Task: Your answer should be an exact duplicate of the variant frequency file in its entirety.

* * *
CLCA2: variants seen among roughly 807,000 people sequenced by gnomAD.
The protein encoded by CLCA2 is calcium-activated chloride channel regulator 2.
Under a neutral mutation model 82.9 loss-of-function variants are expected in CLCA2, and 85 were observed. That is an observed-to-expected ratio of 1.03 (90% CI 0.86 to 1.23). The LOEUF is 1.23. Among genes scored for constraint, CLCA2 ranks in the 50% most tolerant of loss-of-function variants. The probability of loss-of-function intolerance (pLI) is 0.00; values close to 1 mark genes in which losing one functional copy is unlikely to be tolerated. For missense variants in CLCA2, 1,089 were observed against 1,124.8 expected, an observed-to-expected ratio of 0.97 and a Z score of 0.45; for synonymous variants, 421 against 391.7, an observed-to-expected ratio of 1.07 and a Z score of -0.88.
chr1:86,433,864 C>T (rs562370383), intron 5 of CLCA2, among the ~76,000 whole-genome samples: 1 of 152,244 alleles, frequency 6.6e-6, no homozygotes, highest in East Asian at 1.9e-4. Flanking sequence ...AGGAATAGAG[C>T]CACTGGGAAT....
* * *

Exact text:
CLCA2: variants seen among roughly 807,000 people sequenced by gnomAD.
The protein encoded by CLCA2 is calcium-activated chloride channel regulator 2.
Under a neutral mutation model 82.9 loss-of-function variants are expected in CLCA2, and 85 were observed. That is an observed-to-expected ratio of 1.03 (90% CI 0.86 to 1.23). The LOEUF is 1.23. Among genes scored for constraint, CLCA2 ranks in the 50% most tolerant of loss-of-function variants. The probability of loss-of-function intolerance (pLI) is 0.00; values close to 1 mark genes in which losing one functional copy is unlikely to be tolerated. For missense variants in CLCA2, 1,089 were observed against 1,124.8 expected, an observed-to-expected ratio of 0.97 and a Z score of 0.45; for synonymous variants, 421 against 391.7, an observed-to-expected ratio of 1.07 and a Z score of -0.88.
chr1:86,433,864 C>T (rs562370383), intron 5 of CLCA2, among the ~76,000 whole-genome samples: 1 of 152,244 alleles, frequency 6.6e-6, no homozygotes, highest in East Asian at 1.9e-4. Flanking sequence ...AGGAATAGAG[C>T]CACTGGGAAT....